This September, New York City will open a new public high school dedicated to training children in software development and engineering.
In a recent announcement, Mayor Michael Bloomberg outlined his plans for the educational facility, that is based upon the success of a previous IBM partnership school that graduates students with a Regents degree and an associate’s degree after six years' study. The students from this specialist school also receive a place in line for a job with IBM.
The establishment is the brainchild of a New York teacher -- Mike Zamansky from Stuyvesant High School. Bloomerberg has indicated that with the support of the the City University of New York, two more schools are planned after the opening of The Academy for Software Engineering.
The plans have also received the support of venture capitalist Fred Wilson from Union Square Ventures, who plans to financially back the school and attempt to entice other investors.
Boomberg views the project as "a new way of thinking about secondary school based on today's economic realities". For an economy that is becoming increasingly reliant on workers skilled in technology, and one that is already suffering a shortage of computer engineers across the board, allowing students the opportunity to gain these skills earlier may help ease the pressure in the future labor market.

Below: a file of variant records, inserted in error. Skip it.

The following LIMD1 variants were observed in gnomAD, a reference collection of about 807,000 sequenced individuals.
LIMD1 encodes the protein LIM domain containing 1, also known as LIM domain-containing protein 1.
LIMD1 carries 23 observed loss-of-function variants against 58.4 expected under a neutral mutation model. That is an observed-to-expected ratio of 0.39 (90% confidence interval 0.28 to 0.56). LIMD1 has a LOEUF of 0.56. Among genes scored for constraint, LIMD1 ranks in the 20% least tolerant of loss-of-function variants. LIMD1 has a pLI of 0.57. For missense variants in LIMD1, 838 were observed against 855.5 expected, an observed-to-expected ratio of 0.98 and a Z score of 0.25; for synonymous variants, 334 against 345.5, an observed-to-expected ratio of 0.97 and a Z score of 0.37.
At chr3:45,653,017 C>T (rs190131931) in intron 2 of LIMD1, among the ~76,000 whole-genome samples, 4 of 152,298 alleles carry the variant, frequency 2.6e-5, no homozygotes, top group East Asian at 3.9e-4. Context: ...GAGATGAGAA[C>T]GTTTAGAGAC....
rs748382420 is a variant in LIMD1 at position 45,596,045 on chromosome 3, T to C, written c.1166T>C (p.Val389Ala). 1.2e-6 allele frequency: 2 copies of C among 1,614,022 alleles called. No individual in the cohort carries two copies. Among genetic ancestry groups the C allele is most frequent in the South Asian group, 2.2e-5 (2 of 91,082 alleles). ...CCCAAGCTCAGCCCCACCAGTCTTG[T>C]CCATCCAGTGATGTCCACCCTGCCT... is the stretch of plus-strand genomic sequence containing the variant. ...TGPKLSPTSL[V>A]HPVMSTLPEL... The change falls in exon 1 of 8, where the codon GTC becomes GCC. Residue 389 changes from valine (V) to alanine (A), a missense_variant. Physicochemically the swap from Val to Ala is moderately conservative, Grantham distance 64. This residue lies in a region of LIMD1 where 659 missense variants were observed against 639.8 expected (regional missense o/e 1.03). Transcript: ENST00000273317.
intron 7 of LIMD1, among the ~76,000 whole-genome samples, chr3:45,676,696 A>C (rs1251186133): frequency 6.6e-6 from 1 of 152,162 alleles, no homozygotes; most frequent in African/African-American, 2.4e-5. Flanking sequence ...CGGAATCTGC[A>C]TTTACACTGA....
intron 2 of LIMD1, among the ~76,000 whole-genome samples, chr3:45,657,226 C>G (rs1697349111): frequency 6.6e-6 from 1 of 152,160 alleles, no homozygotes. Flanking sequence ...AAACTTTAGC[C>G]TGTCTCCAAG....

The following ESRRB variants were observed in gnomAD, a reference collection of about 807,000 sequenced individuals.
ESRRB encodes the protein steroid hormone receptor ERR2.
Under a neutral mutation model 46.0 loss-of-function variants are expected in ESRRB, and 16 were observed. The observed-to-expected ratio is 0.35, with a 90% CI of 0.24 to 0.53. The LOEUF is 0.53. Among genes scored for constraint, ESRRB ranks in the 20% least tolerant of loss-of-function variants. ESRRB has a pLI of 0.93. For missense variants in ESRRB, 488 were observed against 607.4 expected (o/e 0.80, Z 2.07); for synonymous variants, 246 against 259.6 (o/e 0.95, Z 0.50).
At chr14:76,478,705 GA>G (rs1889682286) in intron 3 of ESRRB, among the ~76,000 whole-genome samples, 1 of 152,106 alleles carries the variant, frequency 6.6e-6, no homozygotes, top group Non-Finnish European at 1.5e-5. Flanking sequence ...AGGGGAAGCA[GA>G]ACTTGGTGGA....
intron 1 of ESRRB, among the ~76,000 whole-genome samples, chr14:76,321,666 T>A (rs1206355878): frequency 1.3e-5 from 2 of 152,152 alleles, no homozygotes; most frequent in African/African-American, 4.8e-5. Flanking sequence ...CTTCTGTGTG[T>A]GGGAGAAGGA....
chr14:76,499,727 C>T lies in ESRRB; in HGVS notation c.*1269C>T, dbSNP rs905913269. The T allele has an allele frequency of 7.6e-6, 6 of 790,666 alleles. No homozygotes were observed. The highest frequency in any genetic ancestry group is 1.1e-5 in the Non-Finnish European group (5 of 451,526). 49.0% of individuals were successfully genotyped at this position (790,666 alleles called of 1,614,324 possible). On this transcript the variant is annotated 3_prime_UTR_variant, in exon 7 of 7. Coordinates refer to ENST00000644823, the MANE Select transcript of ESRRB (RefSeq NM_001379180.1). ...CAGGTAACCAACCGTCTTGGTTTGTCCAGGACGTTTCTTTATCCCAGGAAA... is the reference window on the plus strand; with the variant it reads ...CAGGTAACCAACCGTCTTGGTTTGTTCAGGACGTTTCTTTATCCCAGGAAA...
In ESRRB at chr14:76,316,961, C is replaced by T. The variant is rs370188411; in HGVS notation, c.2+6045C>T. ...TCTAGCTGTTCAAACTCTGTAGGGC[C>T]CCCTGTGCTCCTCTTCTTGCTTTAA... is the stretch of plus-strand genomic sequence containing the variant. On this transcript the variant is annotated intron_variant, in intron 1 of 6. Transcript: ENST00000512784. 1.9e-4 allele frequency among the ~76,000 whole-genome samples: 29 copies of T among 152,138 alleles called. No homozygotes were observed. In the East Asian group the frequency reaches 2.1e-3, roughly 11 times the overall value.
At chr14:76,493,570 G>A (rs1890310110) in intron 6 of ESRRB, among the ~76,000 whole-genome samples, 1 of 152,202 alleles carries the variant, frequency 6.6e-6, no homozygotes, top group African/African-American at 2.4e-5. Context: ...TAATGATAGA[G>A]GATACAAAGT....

The school's tailored academic program is designed in order to prepare children to enter college with a good level of knowledge and a specialization in computer science, which may help them achieve better results if they choose to go into higher education and pursue a technology-driven course.
The new school will be located in Union Square, conveniently close in proximity to companies like Yelp and General Assembly. This is likely to be useful in terms of either organizing student internships or securing employment after graduation.
Bloomberg also mentioned that these new developments will only be the start of offering more technology and business-based education schemes:
"Over the next two years, we'll open at least a dozen new Career and Technical Education schools and programs aligned with trends in the global economy. Students will get out-of-school internships tailored around their coursework and interests."
The mayor hopes that this program will benefit New York City's future economy and also encourage the next generation of entrepreneurs. To help promote start-ups and technology development, a pilot program for 2,200 students to communicate and develop business plans with others across the world.